Japan is located between 30 to 50 degrees north latitude, the same latitude as world famous wine regions France, Germany, Italy, Spain and California. That said, Japan’s climate is almost not suitable for growing wine grapes because (1) the weather influenced by nearby Asian continent can be volatile, (2) the intense seasonal change, and (3) the high amount of rainfall/precipitation.
But despite that, there’s one place in Japan that wine grapes can thrive and that is Koshu region in Yamanashi prefecture. Koshu region is surrounded by 4 tall mountains ranging over 6,560 ft, Mt. Fuji in the south, Akaishi Mountains (also known as Southern Alps) in the west, Yatsugatake Mountain in the North and Okuchichibu Mountains in the east. These mountains minimize the weather influence from nearby Asian continent, producing areas with pleasant sunny weather and low rainfall/precipitation.
Compared to famous wine regions in Europe, Japan’s soil is too fertile to grow wine grapes. However, Koshu region’s high altitude (3,600 ft – 4,200 ft), low rainfall/precipitation, extended sunny days and excellent drainage produce a soil with low absorption of nutrients.
There are two factors affecting the drainage, (1) the high elevation and inclined slope means water flows rapidly, and (2) volcanic rocks contained in the soil. Basalt and andesite are a type of volcanic rocks formed after the eruption of nearby mountains and are extremely hard and heavy, with low water retention.
Basalt and andesite are alkaline rocks, which inhibits the fermentation of mulch that helps fertilize the soil. This directs the wine grapes to extend its roots but deeper to absorb nutrients from the different layers of soil. This affects the composition of the wine grapes and determines the flavor of the wine.
Japan’s high volume of rainfall and high humidity causes mold to grow easily and kills the grape trees. To prevent this, growers use horizontal trellis method, which has been used since the Edo period. And as a countermeasure to prevent hail and birds from getting to the grapes, growers carefully enclose each grapes in white paper or plastic bags. This labor intensive process forces the price of grapes to go up, however, in the last decade, Koshu wine has greatly improved its quality through research and improvement of brewing technology and equipment. Katsunuma Jyozo Winery and Mercian are currently the top wineries in Japan making wines using world class brewing technology in a premier facility.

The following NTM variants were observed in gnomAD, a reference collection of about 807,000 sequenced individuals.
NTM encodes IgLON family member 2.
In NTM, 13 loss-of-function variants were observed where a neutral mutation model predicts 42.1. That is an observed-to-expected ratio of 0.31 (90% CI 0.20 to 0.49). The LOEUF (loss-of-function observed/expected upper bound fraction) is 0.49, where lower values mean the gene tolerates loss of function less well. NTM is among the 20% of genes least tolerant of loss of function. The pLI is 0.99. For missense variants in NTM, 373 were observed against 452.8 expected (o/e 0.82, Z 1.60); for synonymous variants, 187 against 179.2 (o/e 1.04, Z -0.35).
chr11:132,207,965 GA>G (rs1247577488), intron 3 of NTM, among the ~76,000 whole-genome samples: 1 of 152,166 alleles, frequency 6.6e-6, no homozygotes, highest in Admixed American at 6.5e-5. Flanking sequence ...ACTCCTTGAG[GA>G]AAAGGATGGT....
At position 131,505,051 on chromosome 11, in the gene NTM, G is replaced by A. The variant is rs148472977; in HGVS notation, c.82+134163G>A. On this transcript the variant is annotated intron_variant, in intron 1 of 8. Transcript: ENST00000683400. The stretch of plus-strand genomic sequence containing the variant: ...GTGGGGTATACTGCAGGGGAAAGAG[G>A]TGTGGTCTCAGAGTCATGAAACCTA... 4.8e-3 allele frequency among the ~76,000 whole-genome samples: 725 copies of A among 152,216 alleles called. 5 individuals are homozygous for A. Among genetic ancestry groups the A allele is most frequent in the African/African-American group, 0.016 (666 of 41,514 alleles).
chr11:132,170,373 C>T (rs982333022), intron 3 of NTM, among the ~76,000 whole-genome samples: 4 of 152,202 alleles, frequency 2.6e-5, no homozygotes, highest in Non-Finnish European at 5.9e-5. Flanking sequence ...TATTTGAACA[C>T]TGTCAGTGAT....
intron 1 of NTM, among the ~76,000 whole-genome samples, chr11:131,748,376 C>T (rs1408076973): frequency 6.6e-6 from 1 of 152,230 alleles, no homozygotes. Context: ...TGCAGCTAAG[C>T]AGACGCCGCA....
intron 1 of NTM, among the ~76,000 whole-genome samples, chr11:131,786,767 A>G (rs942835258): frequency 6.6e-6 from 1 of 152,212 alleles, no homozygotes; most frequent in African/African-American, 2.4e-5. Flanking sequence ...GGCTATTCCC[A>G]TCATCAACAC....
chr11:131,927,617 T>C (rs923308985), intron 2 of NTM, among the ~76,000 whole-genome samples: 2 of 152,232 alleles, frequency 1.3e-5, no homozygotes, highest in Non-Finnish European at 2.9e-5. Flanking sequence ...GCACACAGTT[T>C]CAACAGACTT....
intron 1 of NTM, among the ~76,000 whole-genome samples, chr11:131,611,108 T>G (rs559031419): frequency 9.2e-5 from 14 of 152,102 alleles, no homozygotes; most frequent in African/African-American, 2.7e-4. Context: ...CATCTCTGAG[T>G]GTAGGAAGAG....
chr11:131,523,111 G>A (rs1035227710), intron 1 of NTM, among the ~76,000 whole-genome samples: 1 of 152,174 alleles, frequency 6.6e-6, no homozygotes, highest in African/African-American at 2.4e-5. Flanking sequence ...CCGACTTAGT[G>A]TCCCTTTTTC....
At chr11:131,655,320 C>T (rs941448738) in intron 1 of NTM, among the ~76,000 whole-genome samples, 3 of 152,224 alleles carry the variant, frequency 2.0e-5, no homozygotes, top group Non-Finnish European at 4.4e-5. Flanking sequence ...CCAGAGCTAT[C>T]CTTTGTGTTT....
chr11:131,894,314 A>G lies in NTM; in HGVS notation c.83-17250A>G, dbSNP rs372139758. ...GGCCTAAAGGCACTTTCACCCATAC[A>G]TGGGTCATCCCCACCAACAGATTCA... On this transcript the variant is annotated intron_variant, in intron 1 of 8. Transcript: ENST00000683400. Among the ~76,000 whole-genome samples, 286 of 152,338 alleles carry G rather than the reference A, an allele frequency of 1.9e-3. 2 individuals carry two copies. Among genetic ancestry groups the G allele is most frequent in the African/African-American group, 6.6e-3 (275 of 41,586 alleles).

Koshu grapes are much larger compared to the wine grape varieties used in Europe. It has thinner skin with less grape extract that yields delicate and elegant flavor. The genetic analysis conducted by UC Davis in 2004 confirmed that Koshu grapes variety is the same as Vitis Vinifera, which explains why Koshu grapes tastes very similar to Albariño, Pinot Grigio, Pinot Blanc and sometimes Sauvignon Blanc.
While it’s always a challenge to introduce new products to the market, Koshu wines might be something Millennials would be interested in. Gen Y or Millennials (born 1977 to 1995) are the largest workforce in the US and are the leading customers in the marketplace. Millenials likes new things, gets the information by themselves, and incorporates the opinions of friends. They are not swayed by old-fashioned customs and are willing to pay more money for good things. Koshu wine is a very well-balanced wine that pairs exceptionally well with delicate flavors of Japanese food and California cuisine.